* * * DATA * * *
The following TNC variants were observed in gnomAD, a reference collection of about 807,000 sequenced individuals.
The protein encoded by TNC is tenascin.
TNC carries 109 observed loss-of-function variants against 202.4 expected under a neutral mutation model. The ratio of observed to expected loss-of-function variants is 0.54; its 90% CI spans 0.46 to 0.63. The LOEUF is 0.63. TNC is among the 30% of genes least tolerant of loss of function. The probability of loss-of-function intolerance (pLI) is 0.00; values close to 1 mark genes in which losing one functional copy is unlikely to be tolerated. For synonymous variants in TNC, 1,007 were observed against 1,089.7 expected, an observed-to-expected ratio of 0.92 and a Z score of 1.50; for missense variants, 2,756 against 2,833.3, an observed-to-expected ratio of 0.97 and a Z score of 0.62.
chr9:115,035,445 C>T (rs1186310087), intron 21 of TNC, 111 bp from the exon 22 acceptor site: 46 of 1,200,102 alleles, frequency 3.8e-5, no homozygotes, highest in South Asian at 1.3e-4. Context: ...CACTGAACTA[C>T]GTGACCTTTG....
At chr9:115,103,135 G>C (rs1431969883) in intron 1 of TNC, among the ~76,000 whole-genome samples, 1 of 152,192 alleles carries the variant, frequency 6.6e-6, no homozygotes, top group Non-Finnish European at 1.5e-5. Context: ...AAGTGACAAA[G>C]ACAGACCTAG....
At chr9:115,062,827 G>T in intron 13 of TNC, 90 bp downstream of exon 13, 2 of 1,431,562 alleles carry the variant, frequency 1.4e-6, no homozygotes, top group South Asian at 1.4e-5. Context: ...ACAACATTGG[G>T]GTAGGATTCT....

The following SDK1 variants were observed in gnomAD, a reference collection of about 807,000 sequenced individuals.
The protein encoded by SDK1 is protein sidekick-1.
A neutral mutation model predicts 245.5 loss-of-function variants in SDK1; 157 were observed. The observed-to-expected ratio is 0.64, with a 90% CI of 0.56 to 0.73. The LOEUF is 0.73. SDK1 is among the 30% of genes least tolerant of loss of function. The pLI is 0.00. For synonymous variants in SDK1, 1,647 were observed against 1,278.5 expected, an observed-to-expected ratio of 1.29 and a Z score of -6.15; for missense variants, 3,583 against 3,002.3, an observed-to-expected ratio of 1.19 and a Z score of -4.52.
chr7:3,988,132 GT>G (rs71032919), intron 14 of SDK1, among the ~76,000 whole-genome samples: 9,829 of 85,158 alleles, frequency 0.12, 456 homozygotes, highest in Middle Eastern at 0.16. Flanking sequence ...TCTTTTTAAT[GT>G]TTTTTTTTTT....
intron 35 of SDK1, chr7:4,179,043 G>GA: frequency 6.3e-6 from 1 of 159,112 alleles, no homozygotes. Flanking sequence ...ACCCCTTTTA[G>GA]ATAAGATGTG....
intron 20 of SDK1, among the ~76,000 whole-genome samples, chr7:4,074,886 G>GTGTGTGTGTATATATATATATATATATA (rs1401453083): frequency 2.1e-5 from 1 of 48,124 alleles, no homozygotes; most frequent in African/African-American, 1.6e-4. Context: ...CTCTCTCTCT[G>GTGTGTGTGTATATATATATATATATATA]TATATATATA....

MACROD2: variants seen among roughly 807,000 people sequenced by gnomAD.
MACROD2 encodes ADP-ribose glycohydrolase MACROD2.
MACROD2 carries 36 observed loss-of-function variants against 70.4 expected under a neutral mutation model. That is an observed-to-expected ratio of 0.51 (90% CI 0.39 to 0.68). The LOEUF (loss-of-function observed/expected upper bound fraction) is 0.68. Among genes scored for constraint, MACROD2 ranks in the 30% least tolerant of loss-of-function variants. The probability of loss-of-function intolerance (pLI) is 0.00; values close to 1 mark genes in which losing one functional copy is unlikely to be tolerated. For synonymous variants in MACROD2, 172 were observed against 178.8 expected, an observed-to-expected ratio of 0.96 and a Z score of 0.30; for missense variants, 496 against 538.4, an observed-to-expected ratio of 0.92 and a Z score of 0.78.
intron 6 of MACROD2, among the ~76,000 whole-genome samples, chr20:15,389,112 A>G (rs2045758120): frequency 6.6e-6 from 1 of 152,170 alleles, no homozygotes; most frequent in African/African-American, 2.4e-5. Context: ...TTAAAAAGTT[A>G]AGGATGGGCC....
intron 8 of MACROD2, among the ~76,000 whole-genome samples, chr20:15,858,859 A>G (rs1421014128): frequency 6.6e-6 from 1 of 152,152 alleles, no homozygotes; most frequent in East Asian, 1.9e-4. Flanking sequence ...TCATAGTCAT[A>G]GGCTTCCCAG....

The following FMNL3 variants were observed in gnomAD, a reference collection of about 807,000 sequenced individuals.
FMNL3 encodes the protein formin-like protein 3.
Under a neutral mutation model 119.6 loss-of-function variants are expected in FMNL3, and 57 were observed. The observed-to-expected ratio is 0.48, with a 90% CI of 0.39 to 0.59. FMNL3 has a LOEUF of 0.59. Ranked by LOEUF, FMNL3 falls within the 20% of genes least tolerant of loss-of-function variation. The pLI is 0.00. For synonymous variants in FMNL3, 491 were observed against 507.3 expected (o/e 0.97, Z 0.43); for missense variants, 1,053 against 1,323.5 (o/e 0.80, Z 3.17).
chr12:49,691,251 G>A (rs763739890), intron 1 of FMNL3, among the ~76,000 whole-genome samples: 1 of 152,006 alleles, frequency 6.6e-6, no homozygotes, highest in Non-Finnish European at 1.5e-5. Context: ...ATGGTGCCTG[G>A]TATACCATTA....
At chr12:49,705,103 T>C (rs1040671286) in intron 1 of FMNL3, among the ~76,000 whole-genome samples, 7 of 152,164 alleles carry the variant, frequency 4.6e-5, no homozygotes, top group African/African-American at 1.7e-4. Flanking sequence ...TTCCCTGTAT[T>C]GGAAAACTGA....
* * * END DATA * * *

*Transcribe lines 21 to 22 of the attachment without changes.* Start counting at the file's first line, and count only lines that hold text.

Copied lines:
chr12:49,691,251 G>A (rs763739890), intron 1 of FMNL3, among the ~76,000 whole-genome samples: 1 of 152,006 alleles, frequency 6.6e-6, no homozygotes, highest in Non-Finnish European at 1.5e-5. Context: ...ATGGTGCCTG[G>A]TATACCATTA....
At chr12:49,705,103 T>C (rs1040671286) in intron 1 of FMNL3, among the ~76,000 whole-genome samples, 7 of 152,164 alleles carry the variant, frequency 4.6e-5, no homozygotes, top group African/African-American at 1.7e-4. Flanking sequence ...TTCCCTGTAT[T>C]GGAAAACTGA....